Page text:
TECHNOLOGY 4.0

Costa Rica 2019 | IT & MEDIA | B2B

TBY talks to José Hernán Acuña, General Manager, and Esteban Acuña, Administrative Manager of Corporación ACS, on technology trends, a diverse portfolio, and rebranding.

José Hernán Acuña
JOSÉ HERNÁN ACUÑA
General Manager
Corporación ACS
Esteban Acuña
ESTEBAN ACUÑA
Administrative Manager
Corporación ACS

What are your perspectives on the role the private sector must play to further develop the technological industry here?

As a private company, we focus a great deal on offering technology services to provide the government of Costa Rica, particularly the education sector, with the latest technology available. There needs to be a joint effort, and ACS takes this to heart, as our team is highly qualified and always promoting the continuous capacitation on our different lines of technology to all of our clients, including professors, principals and fellow company´s executives.

What will be the next digital trend that comes to Costa Rica?

Everything we do is related to that. We are teaching programming from young children to university students. Virtual reality is also something we are teaching, including selling VR equipment. We have provided the Ministry of Education with augmented reality equipment from Spain and employ state-of-the-art hardware that will enable Costa Rican children to learn through the latest technology. Drones are another area where we witness growing demand. Additionally, we are starting our journey on the industry and commerce of 4.0 technology.

What must be Costa Rica's focus to promote this technology from a young age to generate human talent?

The government has the intention and is sincerely interested in offering the best technology available for students; however, the focus of the resources to satisfy the diverse needs among the academy, the technological development and the creation of new skills generate a challenge in the distribution of the budget. We need to understand that the changes are not immediate but clearly those adjustments are happening gradually through companies like ours that collaborate in the creation of inputs for teachers to develop skills and competencies to students based on the information economy.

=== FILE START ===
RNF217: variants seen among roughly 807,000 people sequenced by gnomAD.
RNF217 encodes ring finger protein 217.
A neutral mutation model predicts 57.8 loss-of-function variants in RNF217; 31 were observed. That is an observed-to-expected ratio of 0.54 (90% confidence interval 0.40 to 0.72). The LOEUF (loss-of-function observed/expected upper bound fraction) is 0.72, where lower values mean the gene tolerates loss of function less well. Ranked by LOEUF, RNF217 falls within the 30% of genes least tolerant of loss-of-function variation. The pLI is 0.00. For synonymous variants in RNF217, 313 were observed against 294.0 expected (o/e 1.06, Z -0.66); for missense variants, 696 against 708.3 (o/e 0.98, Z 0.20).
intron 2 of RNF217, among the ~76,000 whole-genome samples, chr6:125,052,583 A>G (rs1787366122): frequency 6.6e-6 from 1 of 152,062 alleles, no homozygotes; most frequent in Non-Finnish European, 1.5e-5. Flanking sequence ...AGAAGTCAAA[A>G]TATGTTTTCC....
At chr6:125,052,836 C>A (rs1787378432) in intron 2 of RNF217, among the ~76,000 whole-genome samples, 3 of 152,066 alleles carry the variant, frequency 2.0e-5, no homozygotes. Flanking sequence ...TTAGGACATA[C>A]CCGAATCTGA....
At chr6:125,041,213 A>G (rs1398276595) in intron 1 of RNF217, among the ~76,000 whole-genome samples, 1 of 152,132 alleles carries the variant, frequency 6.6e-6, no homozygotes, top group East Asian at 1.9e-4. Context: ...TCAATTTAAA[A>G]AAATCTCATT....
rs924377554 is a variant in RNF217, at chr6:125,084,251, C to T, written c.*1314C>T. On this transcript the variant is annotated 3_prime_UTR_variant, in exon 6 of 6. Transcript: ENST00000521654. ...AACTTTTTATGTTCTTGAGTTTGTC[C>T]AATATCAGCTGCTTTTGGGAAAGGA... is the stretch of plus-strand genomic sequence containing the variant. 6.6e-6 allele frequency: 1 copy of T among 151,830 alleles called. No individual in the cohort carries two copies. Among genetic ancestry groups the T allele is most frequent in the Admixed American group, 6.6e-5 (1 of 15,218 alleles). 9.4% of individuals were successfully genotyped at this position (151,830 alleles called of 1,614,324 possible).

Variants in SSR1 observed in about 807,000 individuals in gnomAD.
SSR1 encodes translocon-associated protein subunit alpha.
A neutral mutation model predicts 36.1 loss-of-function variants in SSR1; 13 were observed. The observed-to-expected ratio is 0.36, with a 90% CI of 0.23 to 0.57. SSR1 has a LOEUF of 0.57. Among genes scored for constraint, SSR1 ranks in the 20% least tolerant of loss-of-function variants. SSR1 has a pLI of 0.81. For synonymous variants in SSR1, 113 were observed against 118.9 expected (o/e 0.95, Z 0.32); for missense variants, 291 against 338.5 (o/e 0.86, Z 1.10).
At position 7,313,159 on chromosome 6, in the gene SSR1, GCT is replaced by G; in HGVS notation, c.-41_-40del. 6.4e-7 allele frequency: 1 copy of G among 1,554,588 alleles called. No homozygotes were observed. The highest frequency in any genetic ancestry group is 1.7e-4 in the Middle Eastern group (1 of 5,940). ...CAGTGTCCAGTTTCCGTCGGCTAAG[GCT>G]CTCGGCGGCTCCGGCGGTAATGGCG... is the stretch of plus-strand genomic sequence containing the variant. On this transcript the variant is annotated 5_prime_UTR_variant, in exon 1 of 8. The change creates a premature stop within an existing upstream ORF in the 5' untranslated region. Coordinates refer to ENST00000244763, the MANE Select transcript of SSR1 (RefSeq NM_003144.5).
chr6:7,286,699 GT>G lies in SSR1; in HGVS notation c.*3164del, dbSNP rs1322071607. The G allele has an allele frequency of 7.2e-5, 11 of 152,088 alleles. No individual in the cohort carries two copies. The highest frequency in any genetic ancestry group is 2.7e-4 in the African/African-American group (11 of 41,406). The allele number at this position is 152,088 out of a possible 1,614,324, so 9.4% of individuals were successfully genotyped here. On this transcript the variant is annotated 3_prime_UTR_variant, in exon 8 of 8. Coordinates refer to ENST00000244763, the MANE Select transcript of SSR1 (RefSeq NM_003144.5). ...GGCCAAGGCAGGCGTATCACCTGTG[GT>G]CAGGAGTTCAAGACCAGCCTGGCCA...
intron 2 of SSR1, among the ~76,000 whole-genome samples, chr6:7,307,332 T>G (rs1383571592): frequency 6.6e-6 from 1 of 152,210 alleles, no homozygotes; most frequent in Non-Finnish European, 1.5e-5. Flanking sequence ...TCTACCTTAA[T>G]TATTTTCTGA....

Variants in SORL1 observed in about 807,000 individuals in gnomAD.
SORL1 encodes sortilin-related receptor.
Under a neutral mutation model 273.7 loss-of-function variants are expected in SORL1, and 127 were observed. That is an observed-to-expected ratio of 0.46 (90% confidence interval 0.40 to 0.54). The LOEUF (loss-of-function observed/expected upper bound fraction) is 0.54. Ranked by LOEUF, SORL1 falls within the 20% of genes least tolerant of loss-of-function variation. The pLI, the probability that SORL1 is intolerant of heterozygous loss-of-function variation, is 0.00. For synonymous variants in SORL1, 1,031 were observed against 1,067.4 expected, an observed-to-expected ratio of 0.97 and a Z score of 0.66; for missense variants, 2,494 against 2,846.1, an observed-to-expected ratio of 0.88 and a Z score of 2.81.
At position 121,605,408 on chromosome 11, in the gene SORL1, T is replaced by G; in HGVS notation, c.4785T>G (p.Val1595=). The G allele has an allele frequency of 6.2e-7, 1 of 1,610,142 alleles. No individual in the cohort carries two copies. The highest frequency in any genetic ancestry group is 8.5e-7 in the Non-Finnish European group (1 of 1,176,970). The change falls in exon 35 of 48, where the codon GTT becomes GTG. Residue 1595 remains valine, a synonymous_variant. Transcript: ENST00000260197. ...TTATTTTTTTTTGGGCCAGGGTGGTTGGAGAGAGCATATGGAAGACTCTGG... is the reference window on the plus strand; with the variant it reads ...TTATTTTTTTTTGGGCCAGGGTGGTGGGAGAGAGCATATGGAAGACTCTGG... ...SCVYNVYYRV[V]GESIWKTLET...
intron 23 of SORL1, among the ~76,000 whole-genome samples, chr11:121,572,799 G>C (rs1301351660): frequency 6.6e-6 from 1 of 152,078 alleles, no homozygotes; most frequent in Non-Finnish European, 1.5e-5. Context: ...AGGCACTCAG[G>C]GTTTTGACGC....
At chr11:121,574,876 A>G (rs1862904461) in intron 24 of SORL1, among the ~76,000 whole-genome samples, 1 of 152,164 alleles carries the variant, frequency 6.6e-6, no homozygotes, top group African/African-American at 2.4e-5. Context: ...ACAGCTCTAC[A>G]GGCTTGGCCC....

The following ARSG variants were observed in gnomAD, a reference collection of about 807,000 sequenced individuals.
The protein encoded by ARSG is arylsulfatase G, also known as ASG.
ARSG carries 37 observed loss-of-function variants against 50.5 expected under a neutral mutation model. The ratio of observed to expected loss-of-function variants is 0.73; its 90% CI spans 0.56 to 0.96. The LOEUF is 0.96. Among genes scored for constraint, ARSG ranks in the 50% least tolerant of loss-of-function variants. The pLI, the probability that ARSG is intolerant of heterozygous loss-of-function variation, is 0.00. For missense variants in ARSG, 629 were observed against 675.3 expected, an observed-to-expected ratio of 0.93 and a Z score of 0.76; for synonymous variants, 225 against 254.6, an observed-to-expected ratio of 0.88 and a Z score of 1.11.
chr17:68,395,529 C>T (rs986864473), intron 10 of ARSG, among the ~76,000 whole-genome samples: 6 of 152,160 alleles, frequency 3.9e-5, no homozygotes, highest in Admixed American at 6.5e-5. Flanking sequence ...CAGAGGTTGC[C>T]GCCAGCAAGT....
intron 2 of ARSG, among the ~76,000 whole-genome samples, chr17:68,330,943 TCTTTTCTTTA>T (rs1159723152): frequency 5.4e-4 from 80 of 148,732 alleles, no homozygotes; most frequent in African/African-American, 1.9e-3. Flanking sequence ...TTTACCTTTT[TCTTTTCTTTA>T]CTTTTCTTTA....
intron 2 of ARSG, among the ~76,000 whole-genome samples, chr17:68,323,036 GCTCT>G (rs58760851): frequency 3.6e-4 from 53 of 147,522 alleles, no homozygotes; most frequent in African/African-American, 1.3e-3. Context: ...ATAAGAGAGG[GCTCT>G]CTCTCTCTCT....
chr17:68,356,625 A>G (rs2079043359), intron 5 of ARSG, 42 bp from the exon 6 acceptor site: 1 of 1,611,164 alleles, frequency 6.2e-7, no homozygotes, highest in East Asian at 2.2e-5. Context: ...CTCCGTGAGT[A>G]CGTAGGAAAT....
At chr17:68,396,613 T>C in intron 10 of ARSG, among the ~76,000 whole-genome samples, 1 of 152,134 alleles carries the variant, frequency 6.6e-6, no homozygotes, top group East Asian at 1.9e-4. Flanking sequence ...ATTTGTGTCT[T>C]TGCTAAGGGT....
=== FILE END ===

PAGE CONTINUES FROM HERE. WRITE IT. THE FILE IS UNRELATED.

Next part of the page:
What are the main teachings you have learned in ACS that could be an example for other entrepreneurs here?

We have been able to adapt ourselves to what the client needs. In this case, it is our country. We have adjusted to the needs of the education sector. The market has changed, and we have adapted the company to new environments not only in Costa Rica, but also across the world. Also, the company has evolved from a traditional retail company into a real technological partner for our clients which has led to a complete involvement with our clients so that we can understand in a better way their necessities. The development of strategies, such as support in scientific and technological fairs, allows us to understand more the student the teacher and the institution in the development of their ideas.

You have a portfolio that serves many sectors of the economy. What were the main factors behind this strategy?

The main factor was not putting all our eggs into the same basket. Today, we are opening legacy stores, though we have also implemented a strong online platform. We want to be in some of the most important malls in Costa Rica, though our focus is that customers can find our products online. We have always had conservative and sustained, but controlled, growth. We have a team that looks at opportunities in the technology sector. We might not be the pioneers, though we want to follow the main trends and adapt as soon as possible. In the end, our diversification is based on providing an integral solution to the client.

You have gone through a rebranding process. In what stage is that process?

ESTEBAN: We have already launched a campaign in the media, for example with ads in newspapers, to let people know we have changed our brands. We have also taken the change internally, growing our team to accommodate the ever-increasing need to have an open line of communication with our community and prospective clients.

What are your objectives of that campaign, and which sectors do you target?

ESTEBAN: We want to keep growing in public education. We are extremely strong in that market, though we want to continue to work with the Costa Rican government. We are constantly presenting bids for different products. We recently presented a proposal to install 30 greenhouses for a number of schools, which were specialized in agriculture. The need is huge still in Costa Rica; thus, we see great potential for growth. Nevertheless, we intend to open up to private companies not necessarily with a focus on education Private corporations will be a focus for us moving forward. Corporate is a big market and a difficult one; however, we are going for it.

How open are you to finding a foreign partner?

We recognize the potential in teaming up with a foreign partner and would be open to it. Still, we have grown as a family-owned company and have established a corporate identity and values we expect to be respected. We have constantly reinvested our profits year after year, and we barely have much debt. We are open to grow with a partner, though it is not something that we have analyzed in detail. We have discussed that it would be great to expand the company as a result of a merger or an acquisition; however, we want to do it properly and leverage on our 30-year track record of success.